Keywords: adolescent, parental monitoring, prevention, substance use

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804 A Strategy Therapy for Retinitis Pigmentosa Induced by Argon Laser in Rabbits by High Dose Adult Stem Cells

Authors: Hager E. Amer, Hany El Saftawy, Laila Rashed, Ahmed M. Ata, Fatma Metwally, Hesham Mettawei, Hossam E. Sayed, Tamer Adel, Kareem M. El Sawah


Aim: The purpose of this study is to regenerate the damaged photoreceptor cells as a result of argon laser as a model of Retinitis Pigmentosa in rabbits' retina by using adult stem cells from rabbits' bone marrow. Background: Retinitis pigmentosa (RP) is a group of inherited disorders that primarily affect photoreceptor and pigment epithelium function. RP leads to loss of the rod outer segment and shorten the photoreceptor layer and expose the photoreceptor cell body to high-pressure levels in oxygen (oxidative stress) leads to apoptosis to the rod and cone cells. In particular, there is no specific treatment for retinitis pigmentosa. Materials and Methods: Forty Two Giant (Rex) rabbits were used in this experiment divided into 3 groups: Group 1: Control (6 rabbits), Group 2: Argon laser radiated as a model of retinitis pigmentosa (12 rabbits), Group 3: Laser radiated and treated by 6 million stem cells (12 rabbits). The last two groups are divided each into two subgroups each subgroup contains 6 rabbits, the ophthalmological examination was performed on rabbits, blood samples and retina samples were taken after 25 days and after 36 days from the laser radiation (10 days and 21 days after stem cells insertion in group 3) to perform the biochemical analysis. Results: Compared to control Group, a decrease of ERG wave amplitude and antioxidant substances (Glutathione) in blood and retina in group 2, and an increase of oxidative stress substances (Nitric oxide, Malonaldehyde, and carponyl protein) and apoptotic substances (Advanced glycation end product and M-metalloproteinase) in blood and retina. Compared to group 2, mostly increases of antioxidant substances and ERG wave amplitude in group 3, and mostly decreases in oxidative stress substances and apoptotic substances. Conclusion: Insertion of 6 million stem cells intravitreous gives good results in regeneration of the damaged photoreceptor cells after 21 days.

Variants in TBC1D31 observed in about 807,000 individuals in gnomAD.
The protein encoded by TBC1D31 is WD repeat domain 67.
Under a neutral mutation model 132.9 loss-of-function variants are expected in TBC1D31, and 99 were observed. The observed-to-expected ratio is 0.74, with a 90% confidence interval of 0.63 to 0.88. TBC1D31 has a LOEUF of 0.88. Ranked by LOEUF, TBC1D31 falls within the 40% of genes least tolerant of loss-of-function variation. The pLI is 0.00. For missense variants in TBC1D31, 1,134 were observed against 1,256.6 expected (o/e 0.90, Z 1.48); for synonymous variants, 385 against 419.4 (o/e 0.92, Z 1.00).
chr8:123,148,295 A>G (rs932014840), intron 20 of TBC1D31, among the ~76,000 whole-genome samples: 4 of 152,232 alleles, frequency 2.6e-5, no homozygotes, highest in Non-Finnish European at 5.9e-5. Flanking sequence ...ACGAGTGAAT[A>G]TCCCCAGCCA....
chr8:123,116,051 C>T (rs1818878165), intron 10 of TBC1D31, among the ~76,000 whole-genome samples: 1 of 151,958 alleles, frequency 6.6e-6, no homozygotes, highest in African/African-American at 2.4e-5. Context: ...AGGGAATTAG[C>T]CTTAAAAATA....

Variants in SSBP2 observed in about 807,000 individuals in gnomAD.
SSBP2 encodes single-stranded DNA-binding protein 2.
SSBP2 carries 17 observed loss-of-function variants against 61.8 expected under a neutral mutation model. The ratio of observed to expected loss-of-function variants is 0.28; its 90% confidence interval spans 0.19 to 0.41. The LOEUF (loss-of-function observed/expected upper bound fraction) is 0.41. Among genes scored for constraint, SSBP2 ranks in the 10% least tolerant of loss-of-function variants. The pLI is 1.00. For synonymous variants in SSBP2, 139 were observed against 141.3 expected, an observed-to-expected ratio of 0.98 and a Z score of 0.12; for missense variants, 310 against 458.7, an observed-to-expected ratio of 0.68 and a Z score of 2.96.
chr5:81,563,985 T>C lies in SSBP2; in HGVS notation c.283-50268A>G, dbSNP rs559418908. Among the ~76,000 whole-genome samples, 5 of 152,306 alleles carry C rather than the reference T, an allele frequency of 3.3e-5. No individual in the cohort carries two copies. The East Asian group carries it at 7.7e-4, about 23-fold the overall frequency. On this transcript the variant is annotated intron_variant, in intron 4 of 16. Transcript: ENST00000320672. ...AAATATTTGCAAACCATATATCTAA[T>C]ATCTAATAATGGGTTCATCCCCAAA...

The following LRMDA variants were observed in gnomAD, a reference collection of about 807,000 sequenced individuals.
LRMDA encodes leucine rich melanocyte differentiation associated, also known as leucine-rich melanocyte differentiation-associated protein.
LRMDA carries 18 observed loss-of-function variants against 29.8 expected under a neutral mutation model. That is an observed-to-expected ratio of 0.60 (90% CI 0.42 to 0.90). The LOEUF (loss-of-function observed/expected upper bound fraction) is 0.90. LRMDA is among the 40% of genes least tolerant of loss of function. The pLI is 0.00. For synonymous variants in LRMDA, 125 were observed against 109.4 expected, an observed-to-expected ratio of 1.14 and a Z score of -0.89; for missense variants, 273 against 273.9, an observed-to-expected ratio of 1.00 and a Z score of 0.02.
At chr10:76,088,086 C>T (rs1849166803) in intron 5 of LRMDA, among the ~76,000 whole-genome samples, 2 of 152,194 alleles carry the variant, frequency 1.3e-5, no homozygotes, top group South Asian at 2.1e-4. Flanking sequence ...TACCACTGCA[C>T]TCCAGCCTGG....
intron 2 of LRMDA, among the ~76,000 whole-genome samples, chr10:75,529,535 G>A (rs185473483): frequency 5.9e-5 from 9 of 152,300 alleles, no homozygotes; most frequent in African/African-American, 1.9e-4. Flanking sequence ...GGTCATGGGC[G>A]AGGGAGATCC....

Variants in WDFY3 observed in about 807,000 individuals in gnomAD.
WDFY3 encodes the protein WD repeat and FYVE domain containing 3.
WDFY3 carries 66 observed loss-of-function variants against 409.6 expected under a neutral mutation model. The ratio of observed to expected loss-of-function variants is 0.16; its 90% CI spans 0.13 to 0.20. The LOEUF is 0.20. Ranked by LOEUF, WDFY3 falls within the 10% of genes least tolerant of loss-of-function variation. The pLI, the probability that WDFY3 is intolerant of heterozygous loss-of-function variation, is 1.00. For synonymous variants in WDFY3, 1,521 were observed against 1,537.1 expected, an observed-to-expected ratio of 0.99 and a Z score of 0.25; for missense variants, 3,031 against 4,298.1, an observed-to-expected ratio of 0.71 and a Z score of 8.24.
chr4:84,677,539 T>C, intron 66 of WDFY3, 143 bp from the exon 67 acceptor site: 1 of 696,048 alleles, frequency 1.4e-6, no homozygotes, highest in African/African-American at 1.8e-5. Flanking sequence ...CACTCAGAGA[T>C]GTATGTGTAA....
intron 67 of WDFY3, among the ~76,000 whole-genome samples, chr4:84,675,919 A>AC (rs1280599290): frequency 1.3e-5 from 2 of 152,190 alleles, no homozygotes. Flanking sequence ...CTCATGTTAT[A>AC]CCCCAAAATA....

Keywords: retinitis pigmentosa, stem cells, argon laser, oxidative stress, apoptosis